All About Llamas
9 Things to Know About Llamas
Ahh, the lovable Llama. This mammal weighs in at around 250 lbs and reaches a height of 47 inches.
But far from being a threat, the Llama is a friendly animal that loves company and people. Originating from South America, and as a close relative of the camel, this hump-less breed has many fascinating facts. Here are our favorites:
1. They are outdoorsy but not so sporty! Used by the people of the Andes Mountains for moving around, these agile beasts can cover up to 20 miles in a day. Their feet are stable with two toes, ideal for rocky terrains. Due to their camel-like qualities, they can also forgo water for some time, making them ideal for long-distance travel. But, they can be divas too! Overload your llama and expect to be kicked or spat at, in response to their distaste.
2. Their wool is useful. Covered in wool, these furry creatures produce enough wool that can be used in fabrics. Soft and lanolin-free, this versatile fabric can be used in clothing.
3. They make good companions. As friendly domesticated animals, llamas enjoy being around others, often found in packs of 20. They have long been recognized for their companionship too. So much, that they are even used in some nursing homes as part of therapy programs. Who could resist their toothy smiles?
4. Males don’t get along.In the wild, it’s about survival of the fittest. As such, it has been known for llamas to battle each other for mating rights. Despite being a non-attacking creature, males don’t tend to get along with each other. During breeding season, it has even been known for males to bite each other.
5. They can be fearsome. But these cute creatures have a weakness: coyotes, mountain lions and any dog-like animals. They perceive these to be predators and have an inherent fear of them.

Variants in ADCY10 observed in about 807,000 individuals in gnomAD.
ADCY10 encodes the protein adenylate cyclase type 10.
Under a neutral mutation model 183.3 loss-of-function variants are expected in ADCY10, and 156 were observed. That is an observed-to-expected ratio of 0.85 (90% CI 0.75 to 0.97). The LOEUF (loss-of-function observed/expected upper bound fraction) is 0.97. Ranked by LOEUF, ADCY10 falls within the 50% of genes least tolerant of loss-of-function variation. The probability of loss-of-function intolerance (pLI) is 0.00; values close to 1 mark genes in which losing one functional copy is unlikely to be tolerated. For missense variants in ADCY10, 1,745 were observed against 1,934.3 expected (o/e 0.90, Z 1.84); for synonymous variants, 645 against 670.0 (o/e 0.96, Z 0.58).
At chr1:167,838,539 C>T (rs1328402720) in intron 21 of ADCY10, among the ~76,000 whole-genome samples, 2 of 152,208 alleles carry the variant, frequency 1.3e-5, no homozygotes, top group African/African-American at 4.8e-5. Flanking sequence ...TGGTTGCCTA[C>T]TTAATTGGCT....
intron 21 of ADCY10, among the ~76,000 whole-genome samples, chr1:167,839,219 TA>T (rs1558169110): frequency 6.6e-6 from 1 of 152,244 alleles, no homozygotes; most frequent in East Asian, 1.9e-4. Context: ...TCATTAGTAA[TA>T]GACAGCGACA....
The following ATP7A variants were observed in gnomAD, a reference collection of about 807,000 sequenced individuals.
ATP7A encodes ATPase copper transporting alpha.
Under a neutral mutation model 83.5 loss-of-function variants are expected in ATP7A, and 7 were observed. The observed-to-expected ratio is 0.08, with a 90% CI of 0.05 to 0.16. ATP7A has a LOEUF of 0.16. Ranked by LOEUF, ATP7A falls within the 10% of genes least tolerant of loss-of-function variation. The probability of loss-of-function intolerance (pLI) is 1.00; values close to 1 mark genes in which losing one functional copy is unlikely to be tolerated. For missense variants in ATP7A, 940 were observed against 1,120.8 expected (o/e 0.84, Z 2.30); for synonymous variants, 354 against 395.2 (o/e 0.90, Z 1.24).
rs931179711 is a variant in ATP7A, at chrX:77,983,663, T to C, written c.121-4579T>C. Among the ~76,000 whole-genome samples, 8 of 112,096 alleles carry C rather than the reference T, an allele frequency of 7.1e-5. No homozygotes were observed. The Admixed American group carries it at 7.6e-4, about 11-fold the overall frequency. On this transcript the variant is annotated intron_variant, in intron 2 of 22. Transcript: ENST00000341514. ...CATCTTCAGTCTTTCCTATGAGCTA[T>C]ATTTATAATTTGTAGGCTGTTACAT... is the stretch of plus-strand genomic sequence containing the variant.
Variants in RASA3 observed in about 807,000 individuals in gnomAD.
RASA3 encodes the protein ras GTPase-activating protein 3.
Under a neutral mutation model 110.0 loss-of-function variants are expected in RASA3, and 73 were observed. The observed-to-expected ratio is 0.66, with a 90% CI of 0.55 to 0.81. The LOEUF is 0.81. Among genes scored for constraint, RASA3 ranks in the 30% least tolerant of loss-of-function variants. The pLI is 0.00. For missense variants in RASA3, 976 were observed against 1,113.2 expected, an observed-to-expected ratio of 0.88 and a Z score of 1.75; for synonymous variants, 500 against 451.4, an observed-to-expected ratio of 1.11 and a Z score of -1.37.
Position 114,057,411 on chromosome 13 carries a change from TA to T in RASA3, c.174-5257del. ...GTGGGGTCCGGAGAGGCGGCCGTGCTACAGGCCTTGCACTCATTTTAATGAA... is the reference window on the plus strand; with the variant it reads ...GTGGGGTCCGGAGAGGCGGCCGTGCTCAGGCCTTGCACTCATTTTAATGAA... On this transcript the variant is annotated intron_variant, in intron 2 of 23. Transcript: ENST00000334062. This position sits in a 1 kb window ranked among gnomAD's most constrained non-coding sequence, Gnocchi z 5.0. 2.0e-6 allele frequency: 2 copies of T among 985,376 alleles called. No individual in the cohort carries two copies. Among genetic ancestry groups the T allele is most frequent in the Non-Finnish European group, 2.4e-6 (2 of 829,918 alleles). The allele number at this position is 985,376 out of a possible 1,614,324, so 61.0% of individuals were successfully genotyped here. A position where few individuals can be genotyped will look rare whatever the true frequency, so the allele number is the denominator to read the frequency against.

6. They love veggies. Our woolly friends are also herbivores. This means that they have a plant-based diet, mainly consisting of grass, foliage, ferns and hay, which their elongated necks are ideally designed for. In domestic environments, they enjoy treats such as sliced apples and broccoli too.
7. A llama is for life! The ideal farm friend, llamas are known as guard animals, fitting well into the environment and easy to care for. In North America, there are some 158,000 llamas – they are among some of the most family-friendly animals in petting zoos. From the Long Island Game Farm in New York, to the San Diego Zoo, there are no shortage of visitation opportunities.
8. A baby llama is called a cria. The gestation period of a llama is just under a year, and results in a single offspring called a ‘cria’. These animals can live long lives, often between 20 and 30 years.
9. Don’t call me Al! And finally, with close ancestry, it’s easy to confuse the humble llama with an alpaca. However, there are noticeable differences; the most obvious of these is that llamas tend to be much larger in size, while alpacas have short pointy ears.